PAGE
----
SACRAMENTO, Calif. (AP) — Three protesters entered no-contest pleas Thursday to lesser charges stemming from a 2016 melee with white supremacists that injured at least 14 people at the California state Capitol.
They include prominent San Francisco Bay Area anti-fascist leader Yvonne Felarca. She goes by Yvette Felarca while leading and speaking for the group known as BAMN, which stands for “by any means necessary.”
Felarca, Porfirio Paz and Michael Williams entered their pleas to misdemeanor charges of unlawful assembly. The charges will be dismissed in 18 months if they complete 90 hours of community service and engage only in peaceful protests. They face up to 90 days in jail if they violate those conditions.
They initially faced felony charges including assault and inciting and participating in a riot that could have brought them up to four years in prison. Sacramento County prosecutors said the charges are “a fair and just resolution under the circumstances of this case.” Felarca called the reduced charges a victory.
The lone white supremacist charged in the case, William Scott Planer, was sentenced in July to four years in prison.
He was among about 20 members of the white nationalist Traditionalist Worker Party who had a permit to protest at the Capitol when at least 200 counterprotesters confronted them. At least 14 participants were stabbed or had cuts and bruises, with two surviving critical stabbings. Police also recovered a loaded gun.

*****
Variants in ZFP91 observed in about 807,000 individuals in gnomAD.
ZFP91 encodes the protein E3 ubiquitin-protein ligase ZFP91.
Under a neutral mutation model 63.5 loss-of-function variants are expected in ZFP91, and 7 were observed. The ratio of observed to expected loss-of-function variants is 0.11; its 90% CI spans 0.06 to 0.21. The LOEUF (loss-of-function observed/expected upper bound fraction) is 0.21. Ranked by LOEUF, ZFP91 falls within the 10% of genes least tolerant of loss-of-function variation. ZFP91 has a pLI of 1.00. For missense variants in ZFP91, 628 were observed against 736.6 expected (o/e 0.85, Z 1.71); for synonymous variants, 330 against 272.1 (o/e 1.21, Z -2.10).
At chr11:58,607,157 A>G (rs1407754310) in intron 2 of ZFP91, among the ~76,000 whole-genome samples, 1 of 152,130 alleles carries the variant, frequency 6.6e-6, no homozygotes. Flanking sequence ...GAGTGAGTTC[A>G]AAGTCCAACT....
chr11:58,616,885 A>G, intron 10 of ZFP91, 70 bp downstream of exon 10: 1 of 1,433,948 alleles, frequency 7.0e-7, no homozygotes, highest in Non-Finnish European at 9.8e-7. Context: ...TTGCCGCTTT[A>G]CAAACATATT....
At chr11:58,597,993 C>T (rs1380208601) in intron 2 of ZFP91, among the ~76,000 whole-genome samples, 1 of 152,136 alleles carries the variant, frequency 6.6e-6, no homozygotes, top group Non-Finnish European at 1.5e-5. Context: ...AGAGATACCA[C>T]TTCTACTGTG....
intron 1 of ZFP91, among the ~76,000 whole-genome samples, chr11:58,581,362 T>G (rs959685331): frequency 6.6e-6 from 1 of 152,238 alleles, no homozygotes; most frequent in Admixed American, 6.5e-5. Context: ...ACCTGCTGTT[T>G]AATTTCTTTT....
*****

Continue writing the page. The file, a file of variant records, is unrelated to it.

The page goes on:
Independent observers and participants criticized police for failing to quickly separate the groups.
A California Highway Patrol investigator previously testified that police knew for weeks that BAMN and other counterprotesters calling themselves anarchists, anti-fascists, socialists or communists planned to disrupt the gathering, likely using violence.
But more than 100 law enforcement officers were caught unprepared when the two groups began battling earlier than they had anticipated.
Felarca’s attorney previously said she was among those stabbed. Felarca said Thursday that she had a strong defense but decided to stick with the other two protesters in entering the plea agreements.
“This lesser charge is a very low charge, and it’s off our record in 18 months,” she said. “To me, this is no question a victory.”
She said she has continued to lead protests — including against President Donald Trump, particularly on immigration — even while facing the possibility of prison.
Defense attorney Linda Parisi, who represents Williams, said the plea agreements are “not a perfect solution” but made sense given the severity of potential felony convictions for “demonstrating for what you think is important.”
Chief Deputy District Attorney Steve Grippi said in a statement that his office respects the First Amendment, but “when orchestrated acts of violence take place in our county, whether in the name of free speech or in an effort to prevent it, our obligation is to hold those individuals accountable.”